The Washington Redskins are reviewing their name. These other teams could be next
(CNN) -- As America confronts racism more directly, sports teams with Native American names, mascots or logos are facing pressure to change away from ethnic stereotypes and caricatures.
Native American leaders have long criticized sports teams for relying on racist caricatures, stereotypes or, in the case of the NFL's Washington Redskins, an ethnic slur.
"If the leagues want to offer more than empty words in service of their profits, if they really want to live by the values they claim to have, they must ban Native mascots, team names, insensitive gestures and the subsequent racist behavior of fans," wrote Crystal Echo Hawk, founder and executive director of the native-led nonprofit organization IllumiNative.
The Washington Redskins and the Cleveland Indians have already pledged to reexamine their names, but they are not the only teams facing similar issues. Here's a look at the sports teams who may decide to make changes soon.
The NFL's Washington Redskins announced on Friday they will review their name, long denounced by Native American groups as an ethnic slur and a derogatory reference to skin color.
"In light of recent events around our country and feedback from our community, the Washington Redskins are announcing the team will undergo a thorough review of (its) name," they said in a statement. "This review formalizes the initial discussions the team has been having with the league in recent weeks."
"This issue is of personal importance to me and I look forward to working closely with (team owner) Dan Snyder to make sure we continue the mission of honoring and supporting Native Americans and our Military," said head coach Ron Rivera.
The review, and likely name change, is a long time coming.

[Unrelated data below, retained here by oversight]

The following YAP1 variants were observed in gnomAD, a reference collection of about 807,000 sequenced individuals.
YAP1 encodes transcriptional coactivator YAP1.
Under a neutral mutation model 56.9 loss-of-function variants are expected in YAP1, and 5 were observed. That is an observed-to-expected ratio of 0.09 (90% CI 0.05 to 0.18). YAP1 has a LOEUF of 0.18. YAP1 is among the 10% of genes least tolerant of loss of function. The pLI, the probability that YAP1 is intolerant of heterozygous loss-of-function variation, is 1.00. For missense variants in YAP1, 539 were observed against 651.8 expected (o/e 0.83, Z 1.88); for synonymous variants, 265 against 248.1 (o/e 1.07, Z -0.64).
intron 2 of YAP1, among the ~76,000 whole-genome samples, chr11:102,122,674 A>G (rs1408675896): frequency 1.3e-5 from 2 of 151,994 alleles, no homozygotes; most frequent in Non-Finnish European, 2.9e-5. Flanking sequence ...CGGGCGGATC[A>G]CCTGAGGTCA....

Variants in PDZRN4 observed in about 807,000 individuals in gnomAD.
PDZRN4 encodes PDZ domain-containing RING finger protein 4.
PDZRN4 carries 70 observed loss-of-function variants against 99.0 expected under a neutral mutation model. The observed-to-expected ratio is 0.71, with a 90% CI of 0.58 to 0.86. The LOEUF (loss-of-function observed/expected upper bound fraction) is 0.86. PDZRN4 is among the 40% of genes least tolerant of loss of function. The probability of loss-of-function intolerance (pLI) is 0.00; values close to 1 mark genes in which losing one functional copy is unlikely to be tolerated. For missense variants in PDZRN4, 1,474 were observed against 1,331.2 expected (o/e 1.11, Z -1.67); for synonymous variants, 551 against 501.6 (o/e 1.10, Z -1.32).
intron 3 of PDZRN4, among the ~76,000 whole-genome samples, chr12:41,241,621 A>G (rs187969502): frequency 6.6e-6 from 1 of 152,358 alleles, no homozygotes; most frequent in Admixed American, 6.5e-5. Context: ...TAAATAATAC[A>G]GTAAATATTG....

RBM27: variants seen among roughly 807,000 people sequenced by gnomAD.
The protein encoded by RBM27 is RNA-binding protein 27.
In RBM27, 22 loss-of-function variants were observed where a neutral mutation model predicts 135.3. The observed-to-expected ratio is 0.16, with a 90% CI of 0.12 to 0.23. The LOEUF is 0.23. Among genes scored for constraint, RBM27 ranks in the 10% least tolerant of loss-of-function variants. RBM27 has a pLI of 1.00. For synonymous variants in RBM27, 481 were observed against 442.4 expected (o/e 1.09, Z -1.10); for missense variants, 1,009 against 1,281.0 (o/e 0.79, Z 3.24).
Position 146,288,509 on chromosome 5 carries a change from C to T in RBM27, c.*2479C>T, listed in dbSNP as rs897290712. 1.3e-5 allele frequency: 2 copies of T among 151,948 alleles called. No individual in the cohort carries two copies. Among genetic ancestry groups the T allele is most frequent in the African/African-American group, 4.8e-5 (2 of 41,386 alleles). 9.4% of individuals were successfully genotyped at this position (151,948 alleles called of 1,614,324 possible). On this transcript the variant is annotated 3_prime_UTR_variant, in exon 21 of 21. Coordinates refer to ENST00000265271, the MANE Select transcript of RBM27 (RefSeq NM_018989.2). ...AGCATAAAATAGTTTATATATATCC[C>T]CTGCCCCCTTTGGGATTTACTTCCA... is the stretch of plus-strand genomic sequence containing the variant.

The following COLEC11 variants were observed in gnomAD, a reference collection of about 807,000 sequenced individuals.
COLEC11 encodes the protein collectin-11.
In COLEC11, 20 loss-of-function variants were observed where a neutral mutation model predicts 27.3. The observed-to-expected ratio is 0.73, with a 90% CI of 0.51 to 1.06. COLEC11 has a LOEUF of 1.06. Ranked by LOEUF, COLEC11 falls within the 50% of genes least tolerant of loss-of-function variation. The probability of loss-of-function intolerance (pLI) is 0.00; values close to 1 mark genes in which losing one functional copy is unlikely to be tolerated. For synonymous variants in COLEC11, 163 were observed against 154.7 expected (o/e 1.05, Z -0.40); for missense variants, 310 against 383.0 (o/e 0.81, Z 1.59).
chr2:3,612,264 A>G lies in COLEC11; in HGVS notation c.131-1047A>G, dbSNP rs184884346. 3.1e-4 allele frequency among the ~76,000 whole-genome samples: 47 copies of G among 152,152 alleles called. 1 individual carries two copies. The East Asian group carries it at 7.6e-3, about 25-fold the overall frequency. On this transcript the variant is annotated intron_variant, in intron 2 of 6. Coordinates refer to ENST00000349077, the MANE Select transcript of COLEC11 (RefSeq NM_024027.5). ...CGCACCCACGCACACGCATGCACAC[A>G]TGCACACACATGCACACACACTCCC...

Once known as the Boston Braves, founder George Preston Marshall changed the team's name to "Redskins" in 1933 to avoid confusion with baseball's Boston Braves.
Efforts to change the name date at least as far back as 1971-72, as The Washington Post's Dan Steinberg has documented. Native American groups have consistently pushed the team to change its name, including in protests in 1992, lawsuits in 1999 and 2009. In 2013, amid renewed calls for a name change, owner Dan Snyder told USA Today he would "never" do so.
Last month, the team removed Marshall's name from a facade in FedEx Field. Additionally, a monument to Marshall was removed from outside the Redskins' former home, Robert F. Kennedy Memorial Stadium.
Marshall was well known for opposing integration of the NFL and didn't sign an African American to the roster until 1962 -- 16 years after the league started signing Black players.
Kansas City Chiefs
Kansas City's team was originally named after a White man who impersonated Native American culture.
Vincent Schilling, a Mohawk journalist who has covered sports and writes on Native American culture, said the name started with the Boy Scouts' honor society Tribe of Mic-O-Say, which was created by Harold Roe Bartle in 1925.
Bartle was not Native American, but he went by the name "Chief Lone Bear" or just "Chief" in his Mic-O-Say organization.